December07, 2022

Abstract Volume: 2 Issue: COVID Awareness ISSN:

Care Giver Burnout in the COVID 19 Pandemic - Doctor Heal Thyself

Pooja Khanna1, Mondeep Dhankar2, Arjun Khanna*


1. Consultant Pediatrician, Tarawati Charitable Medical center, New Delhi, India.

2.Junior Resident, Department of Psychiatry, Institute of Human Behavior and Allied Sciences, New Delhi, India.


Corresponding Author: Dr. Arjun Khanna, Consultant Pulmonologist and Intensivist, Yashoda Super specialty hospital Kaushambi, UP, India.


Received Date:  January 24, 2021

Publication Date: February 01, 2021

Care Giver Burnout in the COVID 19 Pandemic- Doctor Heal Thyself


The year gone by has been tough for everyone.  The medical fraternity has been hit very hard. The chain of events from the relentless march of COVID 19 has caused an increased burnout among healthcare workers all over the world.

Health Care Workers (HCWs) all over the world have a difficult job of dealing with the sick and dying, and that can lead to burnout, especially in those, working in areas such as critical care medicine. Medical doctors are amongst the profession with the highest percentage of self-reported burnout (1).

Around 30 % of Americans (1-5), more than 40 % of Dutch general practitioners(2), and approximately  50 % of physicians in Canada(3,4)  report feeling of burnout. Doctors, nurses, and paramedics staff all suffer from this burnout in varying degrees. With a new terrifying disease COVID 19 in hand and little knowledge of its behavior and treatment, doctors were struck with a difficult task to handle a large number of patients.

The difficulty was seen in terms of high expectations towards patient outcomes, longer work hours, treating with limited resources, keeping themselves, up-to-date with new treatment modalities coming out every day.  The media hype related to the disease also caused panic among people adding to the woes of the HCWs.

The most important factor adding to the burnout was probably the constant risk of infection to self and family members.  HCWs had to stay away from their family members in times of isolation or quarantine. The fatality of a colleague increased the mental pressure and stress. A need for external validation (6) and encouragement was also expected from the organizations and government and failure of these in certain places has also added to the burnout.  A higher rate of burnout is being seen in young doctors as they have high expectations in terms of patient outcome and are also not trained to handle stress.

COVID19 has been here for around a year now. Most of the places being in lockdown, any sort of relaxation in the form of travel or going out with family has not been possible. This burnout is now being seen at both personal and professional levels. At the professional level, there is less energy, less productivity, higher absenteeism, guilt, lessening of compassion, and a feeling of being in the wrong profession. On the personal front, it can lead to self-doubt, depression, and social withdrawal.  It also hampers interpersonal relationships (7).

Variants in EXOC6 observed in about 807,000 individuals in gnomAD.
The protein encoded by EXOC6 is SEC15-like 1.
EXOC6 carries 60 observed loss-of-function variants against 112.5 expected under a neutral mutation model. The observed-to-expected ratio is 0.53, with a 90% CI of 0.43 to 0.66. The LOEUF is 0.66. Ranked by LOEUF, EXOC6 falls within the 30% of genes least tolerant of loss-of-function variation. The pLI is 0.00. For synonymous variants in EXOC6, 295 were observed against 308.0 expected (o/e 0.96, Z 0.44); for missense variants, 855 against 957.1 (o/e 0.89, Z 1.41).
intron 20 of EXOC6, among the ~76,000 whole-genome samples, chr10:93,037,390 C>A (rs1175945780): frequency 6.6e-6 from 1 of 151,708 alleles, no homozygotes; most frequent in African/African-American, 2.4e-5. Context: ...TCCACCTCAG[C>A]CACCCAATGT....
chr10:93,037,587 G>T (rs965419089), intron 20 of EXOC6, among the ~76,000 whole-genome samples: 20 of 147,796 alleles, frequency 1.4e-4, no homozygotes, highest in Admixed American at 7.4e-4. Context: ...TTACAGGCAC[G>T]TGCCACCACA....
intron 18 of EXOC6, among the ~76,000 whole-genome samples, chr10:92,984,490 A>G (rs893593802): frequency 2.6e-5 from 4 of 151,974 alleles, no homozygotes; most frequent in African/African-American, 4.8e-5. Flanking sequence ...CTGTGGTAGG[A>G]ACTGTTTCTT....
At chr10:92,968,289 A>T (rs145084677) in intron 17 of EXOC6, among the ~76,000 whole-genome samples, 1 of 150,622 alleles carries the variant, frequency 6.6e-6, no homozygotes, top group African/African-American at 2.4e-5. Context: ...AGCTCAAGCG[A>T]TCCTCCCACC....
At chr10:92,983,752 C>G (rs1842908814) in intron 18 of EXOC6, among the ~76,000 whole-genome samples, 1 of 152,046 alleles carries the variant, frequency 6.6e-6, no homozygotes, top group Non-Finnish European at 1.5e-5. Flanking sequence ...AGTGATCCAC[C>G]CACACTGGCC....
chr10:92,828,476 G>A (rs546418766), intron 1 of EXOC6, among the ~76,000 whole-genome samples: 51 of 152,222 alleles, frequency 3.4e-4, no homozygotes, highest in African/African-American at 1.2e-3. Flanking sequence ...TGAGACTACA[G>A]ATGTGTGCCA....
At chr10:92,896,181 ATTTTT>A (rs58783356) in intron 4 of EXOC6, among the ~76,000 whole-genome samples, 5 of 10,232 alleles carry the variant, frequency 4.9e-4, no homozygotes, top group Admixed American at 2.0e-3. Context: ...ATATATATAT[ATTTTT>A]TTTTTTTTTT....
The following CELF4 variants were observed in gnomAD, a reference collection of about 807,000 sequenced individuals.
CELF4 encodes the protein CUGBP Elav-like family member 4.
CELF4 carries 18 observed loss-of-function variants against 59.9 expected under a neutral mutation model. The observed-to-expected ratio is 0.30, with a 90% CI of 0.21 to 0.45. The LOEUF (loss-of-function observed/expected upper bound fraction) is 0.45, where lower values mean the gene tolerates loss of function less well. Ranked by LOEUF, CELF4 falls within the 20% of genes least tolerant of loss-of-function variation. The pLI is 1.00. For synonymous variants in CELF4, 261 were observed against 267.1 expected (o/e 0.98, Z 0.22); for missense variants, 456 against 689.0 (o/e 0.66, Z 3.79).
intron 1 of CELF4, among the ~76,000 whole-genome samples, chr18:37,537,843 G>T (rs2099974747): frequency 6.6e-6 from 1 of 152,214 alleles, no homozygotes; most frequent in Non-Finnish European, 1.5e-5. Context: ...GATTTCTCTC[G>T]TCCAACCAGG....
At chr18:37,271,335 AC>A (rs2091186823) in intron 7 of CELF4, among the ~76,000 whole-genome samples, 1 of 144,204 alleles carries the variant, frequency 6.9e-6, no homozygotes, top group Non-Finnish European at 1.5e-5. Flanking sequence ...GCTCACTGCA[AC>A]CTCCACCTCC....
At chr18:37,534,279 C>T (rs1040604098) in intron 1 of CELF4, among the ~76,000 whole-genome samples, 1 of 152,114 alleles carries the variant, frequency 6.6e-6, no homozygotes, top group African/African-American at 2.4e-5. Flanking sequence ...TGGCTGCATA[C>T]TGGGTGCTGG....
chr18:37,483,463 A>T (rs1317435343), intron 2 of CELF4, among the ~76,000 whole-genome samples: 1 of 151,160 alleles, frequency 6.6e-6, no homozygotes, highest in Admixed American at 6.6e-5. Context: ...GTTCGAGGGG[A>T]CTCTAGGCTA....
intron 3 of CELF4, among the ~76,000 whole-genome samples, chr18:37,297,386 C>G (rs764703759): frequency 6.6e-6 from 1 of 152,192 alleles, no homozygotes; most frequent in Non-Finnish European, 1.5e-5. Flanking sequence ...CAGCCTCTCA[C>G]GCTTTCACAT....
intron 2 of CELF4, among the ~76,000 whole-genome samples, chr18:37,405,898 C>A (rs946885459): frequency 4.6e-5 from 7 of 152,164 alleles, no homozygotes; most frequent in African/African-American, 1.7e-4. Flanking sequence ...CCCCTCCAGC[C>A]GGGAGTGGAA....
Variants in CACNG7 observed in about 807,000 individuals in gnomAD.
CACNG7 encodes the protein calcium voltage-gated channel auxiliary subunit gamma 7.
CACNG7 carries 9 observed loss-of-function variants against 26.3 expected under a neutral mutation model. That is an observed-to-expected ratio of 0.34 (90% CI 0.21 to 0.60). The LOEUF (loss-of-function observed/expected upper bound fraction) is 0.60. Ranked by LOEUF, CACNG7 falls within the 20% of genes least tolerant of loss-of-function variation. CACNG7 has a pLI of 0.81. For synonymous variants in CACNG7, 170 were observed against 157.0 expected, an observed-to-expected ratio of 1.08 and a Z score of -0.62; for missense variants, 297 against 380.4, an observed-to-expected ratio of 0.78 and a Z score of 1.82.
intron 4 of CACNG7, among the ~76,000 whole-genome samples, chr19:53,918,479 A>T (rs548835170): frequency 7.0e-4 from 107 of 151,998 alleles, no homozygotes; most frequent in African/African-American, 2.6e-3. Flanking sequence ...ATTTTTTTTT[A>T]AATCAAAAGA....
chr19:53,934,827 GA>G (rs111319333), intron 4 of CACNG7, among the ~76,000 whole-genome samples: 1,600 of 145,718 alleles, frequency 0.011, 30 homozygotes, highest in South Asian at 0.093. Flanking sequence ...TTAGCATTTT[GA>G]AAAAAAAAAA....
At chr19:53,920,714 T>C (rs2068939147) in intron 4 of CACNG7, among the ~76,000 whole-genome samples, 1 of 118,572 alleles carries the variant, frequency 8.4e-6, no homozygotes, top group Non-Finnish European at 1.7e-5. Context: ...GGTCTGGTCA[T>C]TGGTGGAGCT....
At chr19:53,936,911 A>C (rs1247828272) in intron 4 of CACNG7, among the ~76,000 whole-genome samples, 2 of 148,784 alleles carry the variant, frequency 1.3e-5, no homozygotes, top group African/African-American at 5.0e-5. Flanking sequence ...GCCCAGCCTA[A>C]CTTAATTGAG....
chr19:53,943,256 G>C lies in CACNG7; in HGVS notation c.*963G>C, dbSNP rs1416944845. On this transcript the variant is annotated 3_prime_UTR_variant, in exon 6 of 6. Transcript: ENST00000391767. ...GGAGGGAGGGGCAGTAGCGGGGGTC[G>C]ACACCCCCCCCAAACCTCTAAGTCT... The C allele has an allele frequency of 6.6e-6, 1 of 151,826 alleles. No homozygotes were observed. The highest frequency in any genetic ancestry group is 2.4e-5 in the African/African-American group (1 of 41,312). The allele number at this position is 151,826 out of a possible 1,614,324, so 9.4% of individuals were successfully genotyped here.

Measures need to be taken to reduce this burnout. According to a study by Bakker et al (8), burnout can be contagious if ignored.  Measures need to be taken at individual, organizational, family, and social levels. At the individual level-confidential counseling, little ‘me time’ and picking up a small recreational hobby can be done. HCWs need to look for happiness outside the hospital doors. Internal peace is also important and the need to maintain sanity should be emphasized.

At the organizational level- encouragement by an organization should be provided. It needs to be emphasized that quality of work is more important than the quantity of work. Proper breaks should be given in between work. At the family and social level, good social support is very essential.  Spending good family time, playing with children makes a person happy and decreases stress. All efforts should be taken to not take hospital stress at home.

Increased burnout is nowadays accepted as part of Healthcare workers but it is not good. A person trying to make patients healthy also needs to be healthy in both mental and physical dimensions. Healthcare workers need to realize that work is a part of life and not life. All episodes of burnout should be detected and adequately treated. Medicine is a noble and wonderful profession and a happy Healthcare worker is as important as a healthy patient.



1.Campbell DA, Sonnad SS, Eckhauser FE, etc al. “Burnout among American surgeons”. Surgery 2001 ;130:696-702.

2.Bakker AB, Schaufeli WB ,Sixma HJ,etc  al.  “Patient demands, lack of reciprocity and burnout : a five year longitudinal study”. J organ behav 2000;21:425-441.

3.Boudreau  RA, Greece RL, Cahoots SL, et al. “The pandemic from within: two surveys of physician burnout in Canada”.  Can J Community Ment Health 2006;25:71-88.

4.Brindley  PG,Patel B, and Farnan P. “Psychological burnout in acute care medicine : “physician heal thyself”. “ .In: JL Vincent (ed.) Annual update in intensive care and emergency medicine. New York, NY: Springer Publishing,2012,pp. 811-819.

5.Occupational burnout, _burnout.

6.Hewitt PL, and Flatt GL. “Perfectionism in the self and social contexts: conceptualization, assessment and association with psychopathology”. J Pers Soc Psychol 1991;60:456-470.

7.Swartz J. “Always on the job: employees pay with health”.  New York Times, (5September 2004).

8.Bakker AB, Schaufeli WB, Sixma HJ, et al. “Burnout contagion among general practitioners”.  J Social Clinton Psychol 2001 ; 20(1): 82-98.


 Volume 2 Issue 2 February 2021

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